Does the Democratic Party’s platform actually matter? In April, I asked Arab American Institute co-founder James Zogby exactly that. He was part of Jesse Jackson’s presidential campaigns in the 80s and was a member of Bernie Sanders’s committee to draft the Democratic Party platform in 2016.
“There are two measures that I look at historically. One is where public opinion is and, for that, I turn to polling. The other is where the balance of forces are in the actual political debate within the two major parties. For that, you look at the platforms,” Zogby told me.
So, let’s apply The Zogby Test to the 2020 Democratic Party. Before we get to the platform, let’s start with the polling. A 2019 Center for American Progress poll found that 56% of American voters support conditioning U.S. aid to Israel if the country continues to expand its settlements or annexes portions of the West Bank. Apply that to just Democratic voters and the numbers go way up: 71% say they want aid to be conditioned.
Data for Progress also polled voters on the question of conditioning aid last year. They didn’t end up with numbers as high as the Center for American Progress did, but their survey also found that a majority of Democratic voters support the policy.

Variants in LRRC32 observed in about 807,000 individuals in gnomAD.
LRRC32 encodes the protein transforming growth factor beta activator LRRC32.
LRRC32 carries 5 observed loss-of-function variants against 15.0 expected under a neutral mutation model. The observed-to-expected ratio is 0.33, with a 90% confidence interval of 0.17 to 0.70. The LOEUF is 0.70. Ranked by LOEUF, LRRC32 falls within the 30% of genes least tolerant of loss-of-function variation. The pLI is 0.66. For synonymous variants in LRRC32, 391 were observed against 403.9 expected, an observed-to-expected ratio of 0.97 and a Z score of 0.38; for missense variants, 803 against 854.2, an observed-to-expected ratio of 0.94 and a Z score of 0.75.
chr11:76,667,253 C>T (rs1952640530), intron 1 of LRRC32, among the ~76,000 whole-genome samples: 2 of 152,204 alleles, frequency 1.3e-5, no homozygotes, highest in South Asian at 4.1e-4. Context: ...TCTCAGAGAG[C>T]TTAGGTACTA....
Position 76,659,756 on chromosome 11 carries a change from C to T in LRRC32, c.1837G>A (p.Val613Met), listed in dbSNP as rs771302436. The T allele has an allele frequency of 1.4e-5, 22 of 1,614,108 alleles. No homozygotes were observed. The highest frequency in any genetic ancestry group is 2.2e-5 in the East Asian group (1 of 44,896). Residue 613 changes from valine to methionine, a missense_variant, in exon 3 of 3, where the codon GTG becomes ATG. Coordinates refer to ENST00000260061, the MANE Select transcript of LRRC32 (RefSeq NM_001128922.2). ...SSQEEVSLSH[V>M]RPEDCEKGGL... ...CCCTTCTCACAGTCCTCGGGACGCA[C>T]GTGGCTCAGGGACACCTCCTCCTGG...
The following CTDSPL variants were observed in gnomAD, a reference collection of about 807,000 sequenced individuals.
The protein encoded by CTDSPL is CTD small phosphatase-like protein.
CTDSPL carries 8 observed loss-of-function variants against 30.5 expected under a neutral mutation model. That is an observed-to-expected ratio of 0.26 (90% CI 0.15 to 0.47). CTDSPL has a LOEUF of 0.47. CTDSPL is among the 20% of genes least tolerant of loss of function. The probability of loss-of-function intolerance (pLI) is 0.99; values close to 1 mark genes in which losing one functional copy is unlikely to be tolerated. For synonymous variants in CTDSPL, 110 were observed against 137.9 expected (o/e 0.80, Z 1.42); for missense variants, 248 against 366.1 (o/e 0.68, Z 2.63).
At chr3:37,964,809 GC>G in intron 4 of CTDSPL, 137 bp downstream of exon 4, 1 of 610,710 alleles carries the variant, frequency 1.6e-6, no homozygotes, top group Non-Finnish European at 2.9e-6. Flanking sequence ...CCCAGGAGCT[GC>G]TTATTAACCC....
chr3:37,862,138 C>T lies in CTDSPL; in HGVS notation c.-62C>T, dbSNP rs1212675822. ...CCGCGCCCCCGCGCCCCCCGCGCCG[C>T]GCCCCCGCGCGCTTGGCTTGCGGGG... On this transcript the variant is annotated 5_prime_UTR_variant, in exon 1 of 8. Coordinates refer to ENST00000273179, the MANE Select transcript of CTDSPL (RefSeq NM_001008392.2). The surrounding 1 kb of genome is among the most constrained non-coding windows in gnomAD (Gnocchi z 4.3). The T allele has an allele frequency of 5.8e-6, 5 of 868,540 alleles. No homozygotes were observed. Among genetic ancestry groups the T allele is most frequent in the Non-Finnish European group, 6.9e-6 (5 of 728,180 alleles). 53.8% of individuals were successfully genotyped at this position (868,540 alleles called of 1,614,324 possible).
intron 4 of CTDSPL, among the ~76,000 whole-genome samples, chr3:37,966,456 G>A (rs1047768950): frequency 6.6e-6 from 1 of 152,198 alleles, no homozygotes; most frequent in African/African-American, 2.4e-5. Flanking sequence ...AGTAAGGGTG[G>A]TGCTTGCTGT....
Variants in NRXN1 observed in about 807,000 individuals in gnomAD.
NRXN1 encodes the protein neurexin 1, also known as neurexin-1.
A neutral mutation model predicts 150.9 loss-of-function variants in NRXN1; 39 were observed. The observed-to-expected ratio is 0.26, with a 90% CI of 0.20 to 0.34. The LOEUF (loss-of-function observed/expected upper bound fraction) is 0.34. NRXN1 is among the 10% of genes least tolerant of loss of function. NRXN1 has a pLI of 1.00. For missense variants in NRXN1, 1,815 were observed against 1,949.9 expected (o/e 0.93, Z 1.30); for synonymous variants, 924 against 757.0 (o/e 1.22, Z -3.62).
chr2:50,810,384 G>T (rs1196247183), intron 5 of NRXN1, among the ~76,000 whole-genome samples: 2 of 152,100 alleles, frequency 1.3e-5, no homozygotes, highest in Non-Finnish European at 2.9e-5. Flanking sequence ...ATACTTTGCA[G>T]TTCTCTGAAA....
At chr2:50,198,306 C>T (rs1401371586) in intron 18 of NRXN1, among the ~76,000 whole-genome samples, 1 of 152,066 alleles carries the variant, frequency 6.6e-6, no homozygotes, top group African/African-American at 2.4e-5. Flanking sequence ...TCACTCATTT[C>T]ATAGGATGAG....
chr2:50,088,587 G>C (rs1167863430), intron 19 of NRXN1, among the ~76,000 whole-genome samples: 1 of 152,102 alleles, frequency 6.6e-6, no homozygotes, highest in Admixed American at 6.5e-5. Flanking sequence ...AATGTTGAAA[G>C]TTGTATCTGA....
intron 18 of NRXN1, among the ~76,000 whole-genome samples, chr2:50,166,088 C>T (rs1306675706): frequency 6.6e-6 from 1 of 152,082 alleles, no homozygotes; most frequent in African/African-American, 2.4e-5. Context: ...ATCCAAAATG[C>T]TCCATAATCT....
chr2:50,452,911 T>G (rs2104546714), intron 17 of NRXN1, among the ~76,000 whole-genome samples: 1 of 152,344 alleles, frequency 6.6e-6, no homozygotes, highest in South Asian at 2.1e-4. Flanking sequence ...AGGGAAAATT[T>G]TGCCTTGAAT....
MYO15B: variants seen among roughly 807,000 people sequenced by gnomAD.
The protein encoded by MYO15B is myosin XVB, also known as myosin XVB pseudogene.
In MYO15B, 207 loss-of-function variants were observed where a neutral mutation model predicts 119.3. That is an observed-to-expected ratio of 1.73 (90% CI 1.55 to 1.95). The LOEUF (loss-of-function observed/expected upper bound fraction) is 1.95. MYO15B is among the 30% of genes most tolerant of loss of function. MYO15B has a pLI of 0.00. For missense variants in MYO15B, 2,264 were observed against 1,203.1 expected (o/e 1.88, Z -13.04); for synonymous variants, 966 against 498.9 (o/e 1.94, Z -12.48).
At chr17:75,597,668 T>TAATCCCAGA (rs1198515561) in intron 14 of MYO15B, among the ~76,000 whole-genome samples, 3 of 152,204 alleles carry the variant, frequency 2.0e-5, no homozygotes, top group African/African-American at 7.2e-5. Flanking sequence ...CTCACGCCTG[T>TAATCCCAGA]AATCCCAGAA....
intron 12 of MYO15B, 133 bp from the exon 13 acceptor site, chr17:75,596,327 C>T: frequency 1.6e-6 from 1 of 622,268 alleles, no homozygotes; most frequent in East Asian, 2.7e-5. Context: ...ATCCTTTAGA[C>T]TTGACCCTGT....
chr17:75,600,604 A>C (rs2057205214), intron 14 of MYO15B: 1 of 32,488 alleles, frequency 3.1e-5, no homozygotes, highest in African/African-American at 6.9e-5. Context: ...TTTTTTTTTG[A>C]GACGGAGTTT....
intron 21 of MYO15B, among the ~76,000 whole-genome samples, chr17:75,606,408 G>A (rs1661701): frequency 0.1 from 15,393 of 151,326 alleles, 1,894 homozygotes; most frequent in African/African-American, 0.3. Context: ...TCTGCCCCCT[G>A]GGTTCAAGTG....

What about BDS? Since the campaign began in the mid-2000s, it’s been derided by many as a foolhardy endeavor that will never make a dent on mainstream society. Last year, Nation columnist Eric Alterman wrote an op-ed for the New York Times mockingly titled, “Does Anyone Take the B.D.S. Movement Seriously?”
It turns out an increasing number of Democratic voters take it seriously. A University of Maryland Critical Issues Poll from January asked 3,016 people about BDS and found 49% of them had heard of the movement. Of the Democrats who had heard of it, 48% said that they “strongly or somewhat” support BDS. 80% of the Democrats surveyed said that they opposed anti-BDS laws. Shibley Telhami, the Anwar Sadat Professor for Peace and Development at the University of Maryland, summarized the polls findings when it was released. “For a few years now, the polls have consistently shown a majority of Democrats wanting to take action against Israeli settlements, including imposing sanctions, while Republicans and independents wanted to do nothing or limit opposition to words. But until this fall, I had not asked directly about the BDS movement, as it was not on the radar screen of most Americans. However, the recent debates in Congress and elsewhere have raised the profile of the issue,” he wrote.
So, that’s the base of the party. Broad support for conditioning military aid to Israel and an increasing awareness about BDS that is leading to more and more support for the movement.
Now let’s look at the platform. “Where the balance of forces are in the actual political debate within the two major parties,” as Zogby says. On Monday, the Democratic National Committee rejected a motion to condition aid to Israel and add the word “occupation” to the platform. The vote wasn’t even particularly close. It failed 34-117, with five delegates abstaining.